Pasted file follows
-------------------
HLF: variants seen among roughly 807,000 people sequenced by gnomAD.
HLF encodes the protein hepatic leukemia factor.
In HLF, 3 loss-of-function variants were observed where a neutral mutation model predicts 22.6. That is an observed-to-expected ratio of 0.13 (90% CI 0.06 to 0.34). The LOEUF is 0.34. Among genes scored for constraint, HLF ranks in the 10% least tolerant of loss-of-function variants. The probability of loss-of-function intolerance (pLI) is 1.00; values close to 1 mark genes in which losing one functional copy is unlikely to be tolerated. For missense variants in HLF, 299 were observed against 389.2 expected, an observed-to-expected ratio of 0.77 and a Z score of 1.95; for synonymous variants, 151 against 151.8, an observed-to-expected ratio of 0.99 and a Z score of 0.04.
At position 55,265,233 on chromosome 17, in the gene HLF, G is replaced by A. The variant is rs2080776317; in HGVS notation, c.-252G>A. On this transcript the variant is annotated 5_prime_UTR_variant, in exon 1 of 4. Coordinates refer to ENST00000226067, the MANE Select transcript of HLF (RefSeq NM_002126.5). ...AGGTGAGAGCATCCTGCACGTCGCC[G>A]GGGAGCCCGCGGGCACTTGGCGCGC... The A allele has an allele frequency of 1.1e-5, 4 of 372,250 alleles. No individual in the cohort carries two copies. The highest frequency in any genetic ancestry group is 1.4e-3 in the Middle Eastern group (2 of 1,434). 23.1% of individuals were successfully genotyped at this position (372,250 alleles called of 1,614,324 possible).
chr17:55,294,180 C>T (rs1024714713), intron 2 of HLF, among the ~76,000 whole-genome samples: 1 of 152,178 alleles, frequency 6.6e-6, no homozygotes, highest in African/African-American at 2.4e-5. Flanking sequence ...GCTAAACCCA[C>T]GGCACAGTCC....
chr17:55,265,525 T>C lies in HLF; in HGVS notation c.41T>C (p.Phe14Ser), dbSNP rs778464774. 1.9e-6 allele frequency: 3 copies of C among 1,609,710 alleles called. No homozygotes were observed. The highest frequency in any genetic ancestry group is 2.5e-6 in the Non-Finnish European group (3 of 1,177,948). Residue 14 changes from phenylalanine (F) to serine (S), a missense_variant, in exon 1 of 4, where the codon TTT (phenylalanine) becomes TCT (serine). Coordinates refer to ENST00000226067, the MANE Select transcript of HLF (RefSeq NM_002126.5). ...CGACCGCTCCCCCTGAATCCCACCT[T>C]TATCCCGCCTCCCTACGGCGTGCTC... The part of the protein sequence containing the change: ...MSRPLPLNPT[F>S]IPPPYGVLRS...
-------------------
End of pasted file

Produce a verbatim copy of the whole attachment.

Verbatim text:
HLF: variants seen among roughly 807,000 people sequenced by gnomAD.
HLF encodes the protein hepatic leukemia factor.
In HLF, 3 loss-of-function variants were observed where a neutral mutation model predicts 22.6. That is an observed-to-expected ratio of 0.13 (90% CI 0.06 to 0.34). The LOEUF is 0.34. Among genes scored for constraint, HLF ranks in the 10% least tolerant of loss-of-function variants. The probability of loss-of-function intolerance (pLI) is 1.00; values close to 1 mark genes in which losing one functional copy is unlikely to be tolerated. For missense variants in HLF, 299 were observed against 389.2 expected, an observed-to-expected ratio of 0.77 and a Z score of 1.95; for synonymous variants, 151 against 151.8, an observed-to-expected ratio of 0.99 and a Z score of 0.04.
At position 55,265,233 on chromosome 17, in the gene HLF, G is replaced by A. The variant is rs2080776317; in HGVS notation, c.-252G>A. On this transcript the variant is annotated 5_prime_UTR_variant, in exon 1 of 4. Coordinates refer to ENST00000226067, the MANE Select transcript of HLF (RefSeq NM_002126.5). ...AGGTGAGAGCATCCTGCACGTCGCC[G>A]GGGAGCCCGCGGGCACTTGGCGCGC... The A allele has an allele frequency of 1.1e-5, 4 of 372,250 alleles. No individual in the cohort carries two copies. The highest frequency in any genetic ancestry group is 1.4e-3 in the Middle Eastern group (2 of 1,434). 23.1% of individuals were successfully genotyped at this position (372,250 alleles called of 1,614,324 possible).
chr17:55,294,180 C>T (rs1024714713), intron 2 of HLF, among the ~76,000 whole-genome samples: 1 of 152,178 alleles, frequency 6.6e-6, no homozygotes, highest in African/African-American at 2.4e-5. Flanking sequence ...GCTAAACCCA[C>T]GGCACAGTCC....
chr17:55,265,525 T>C lies in HLF; in HGVS notation c.41T>C (p.Phe14Ser), dbSNP rs778464774. 1.9e-6 allele frequency: 3 copies of C among 1,609,710 alleles called. No homozygotes were observed. The highest frequency in any genetic ancestry group is 2.5e-6 in the Non-Finnish European group (3 of 1,177,948). Residue 14 changes from phenylalanine (F) to serine (S), a missense_variant, in exon 1 of 4, where the codon TTT (phenylalanine) becomes TCT (serine). Coordinates refer to ENST00000226067, the MANE Select transcript of HLF (RefSeq NM_002126.5). ...CGACCGCTCCCCCTGAATCCCACCT[T>C]TATCCCGCCTCCCTACGGCGTGCTC... The part of the protein sequence containing the change: ...MSRPLPLNPT[F>S]IPPPYGVLRS...